Because of my compulsion to read everything, I had to learn to read fast and long.  I preferred to read a book in one sitting.  I even read Gone With the Wind nonstop even though it took me almost two days and all one night.  I still prefer to read a book from cover to cover, but seldom have enough time. That's one of the few pleasures of transcontinental and, especially, transoceanic flights.  You can start a book and finish it without ever putting it down, even during meals.  As a matter of fact, you don't even notice the meals if it's a good book.

          My early reading habits have made things much easier for me professionally than they otherwise would have been.  It started in elementary school: since I read at the adult level, everything in the textbooks was boringly simple.  Also, I had already read about everything covered in history, geography, and literature.  I always knew more than the simplistic coverage at the fifth grade level provided.  That sometimes got me into trouble when the teacher didn't; if I challenged something in the textbook, always defended by the teacher, and proved it wrong with a book from the library, the teacher almost always took it as a personal affront and I was branded  a "Smart Alec."

 In a high school English class the teacher, Miss Ida Jane Collins, as I'm sure she subsequently regretted, asked me for my reaction to the day's assignment "The Raven" by Edgar Allen Poe.  I said that I wondered whether he wrote it while drunk or during a hangover.  She became visibly agitated and demanded that I explain myself.  I then pointed out that Poe had been expelled from West Point, married his first cousin, lost several jobs because of his excessive drinking and died from it shortly after the death of his teenage wife.  The class howled with laughter and Miss Collins, taut but under control, told me to leave the room. 
A  few minutes later she appeared at the stairwell where Iwas sneaking a forbidden smoke, and, with tears running down her cheeks, asked me how I could do such a thing to Edgar Allen Poe. In retrospect, I wonder whether she knew of the seamy side of that tainted genius.  I know the other kids didn't, but they loved it.  Incidentally, I don’t remember Miss Collins ever calling on me again.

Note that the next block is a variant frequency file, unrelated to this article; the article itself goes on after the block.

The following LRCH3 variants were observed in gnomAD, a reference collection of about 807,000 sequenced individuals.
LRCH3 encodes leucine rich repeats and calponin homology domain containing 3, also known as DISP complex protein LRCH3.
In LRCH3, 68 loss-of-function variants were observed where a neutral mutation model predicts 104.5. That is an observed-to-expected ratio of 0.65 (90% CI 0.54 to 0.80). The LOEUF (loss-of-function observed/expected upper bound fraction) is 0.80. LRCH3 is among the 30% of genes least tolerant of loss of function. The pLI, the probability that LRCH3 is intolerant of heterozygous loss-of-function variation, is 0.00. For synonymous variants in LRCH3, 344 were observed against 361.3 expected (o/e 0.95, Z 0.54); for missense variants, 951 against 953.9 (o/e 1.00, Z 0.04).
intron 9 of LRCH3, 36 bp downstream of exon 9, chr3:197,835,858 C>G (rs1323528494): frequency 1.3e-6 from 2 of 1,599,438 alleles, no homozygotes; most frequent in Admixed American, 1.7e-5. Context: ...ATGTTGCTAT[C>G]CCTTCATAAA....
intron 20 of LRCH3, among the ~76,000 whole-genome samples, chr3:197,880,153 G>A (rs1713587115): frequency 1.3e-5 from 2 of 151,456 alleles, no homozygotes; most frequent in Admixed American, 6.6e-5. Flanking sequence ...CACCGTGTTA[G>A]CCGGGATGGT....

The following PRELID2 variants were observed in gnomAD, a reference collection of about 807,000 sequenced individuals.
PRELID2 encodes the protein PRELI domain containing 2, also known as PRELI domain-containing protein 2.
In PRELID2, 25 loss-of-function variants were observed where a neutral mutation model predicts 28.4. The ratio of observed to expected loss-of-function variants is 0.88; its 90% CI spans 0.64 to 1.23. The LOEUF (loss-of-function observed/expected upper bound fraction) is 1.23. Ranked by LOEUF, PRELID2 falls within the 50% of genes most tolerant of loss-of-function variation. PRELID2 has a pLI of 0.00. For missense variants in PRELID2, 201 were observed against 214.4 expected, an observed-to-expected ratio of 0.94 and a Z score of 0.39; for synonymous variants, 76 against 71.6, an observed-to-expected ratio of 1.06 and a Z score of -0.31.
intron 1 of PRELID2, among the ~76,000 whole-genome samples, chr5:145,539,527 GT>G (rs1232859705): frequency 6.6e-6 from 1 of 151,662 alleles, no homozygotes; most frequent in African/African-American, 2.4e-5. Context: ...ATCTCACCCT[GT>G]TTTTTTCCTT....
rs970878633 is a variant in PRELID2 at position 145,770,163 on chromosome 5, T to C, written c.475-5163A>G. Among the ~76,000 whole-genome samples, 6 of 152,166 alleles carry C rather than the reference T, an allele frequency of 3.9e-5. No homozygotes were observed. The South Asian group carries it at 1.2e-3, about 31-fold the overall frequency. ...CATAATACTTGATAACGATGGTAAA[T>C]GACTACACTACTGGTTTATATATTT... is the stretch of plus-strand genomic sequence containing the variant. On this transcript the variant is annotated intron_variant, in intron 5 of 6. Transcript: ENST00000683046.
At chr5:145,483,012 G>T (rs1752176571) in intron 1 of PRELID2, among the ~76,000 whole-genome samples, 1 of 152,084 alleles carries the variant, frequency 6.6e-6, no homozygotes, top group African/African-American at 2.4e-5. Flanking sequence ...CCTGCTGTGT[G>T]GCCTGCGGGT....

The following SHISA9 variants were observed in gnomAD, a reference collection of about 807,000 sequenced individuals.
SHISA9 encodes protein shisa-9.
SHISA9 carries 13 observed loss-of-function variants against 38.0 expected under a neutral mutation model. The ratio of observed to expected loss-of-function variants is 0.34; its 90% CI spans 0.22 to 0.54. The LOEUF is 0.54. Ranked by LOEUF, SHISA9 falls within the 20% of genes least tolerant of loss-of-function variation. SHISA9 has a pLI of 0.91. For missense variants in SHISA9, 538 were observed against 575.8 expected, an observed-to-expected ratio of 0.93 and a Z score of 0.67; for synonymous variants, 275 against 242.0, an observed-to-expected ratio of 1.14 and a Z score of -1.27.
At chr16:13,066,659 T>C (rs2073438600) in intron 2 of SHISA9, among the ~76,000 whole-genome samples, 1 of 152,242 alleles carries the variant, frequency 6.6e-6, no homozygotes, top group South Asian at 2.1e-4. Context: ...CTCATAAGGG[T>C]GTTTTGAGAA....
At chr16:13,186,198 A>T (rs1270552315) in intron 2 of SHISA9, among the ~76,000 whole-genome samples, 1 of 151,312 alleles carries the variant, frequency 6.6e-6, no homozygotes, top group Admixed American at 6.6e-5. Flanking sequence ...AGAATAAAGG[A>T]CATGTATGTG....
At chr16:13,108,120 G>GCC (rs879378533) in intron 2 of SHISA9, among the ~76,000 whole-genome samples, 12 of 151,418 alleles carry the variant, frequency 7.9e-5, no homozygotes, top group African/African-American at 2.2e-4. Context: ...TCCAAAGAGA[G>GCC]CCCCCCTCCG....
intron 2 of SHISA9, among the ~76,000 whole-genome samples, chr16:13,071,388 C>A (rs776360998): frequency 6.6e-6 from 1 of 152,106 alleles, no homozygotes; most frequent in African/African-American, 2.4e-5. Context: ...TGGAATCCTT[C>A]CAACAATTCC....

I eventually learned to keep my mouth shut most of the time, just answering the questions on the quizzes, and content that if there were not many challenges at least I never had to study.  I never took a book or assignment home from Fourth Grade through High School.  English composition was "duck soup"; I never bothered to learn the rules of punctuation or even what a "gerund" was.  I could "diagram a sentence" correctly almost by instinct.  I had read so much well written prose, that I just knew what was bad when I saw it.  Themes and book reports were sometimes a problem, especially the first assignment with a new teacher.  They usually couldn't believe that a kid in their class could write that well, so I was viewed with, at best, suspicion or, at worst, accusations of having copied the report, theme, etc. from some book.

 I have always enjoyed writing, doing it easily, fast, and, I think, well.  I attribute it almost entirely to that early immersion in reading; I suppose I owe the Wichita Falls Public Library and, especially, my father a belated vote of appreciation for their encouragement.  Thank God there was no television then, and I never cared for Comic Books.  I didn't even listen to Jack Armstrong, The All American Boy, The Shadow (" who knows what evil lurks in the night?  The Shadow knows") or The Lone Ranger on the radio if I had a good book.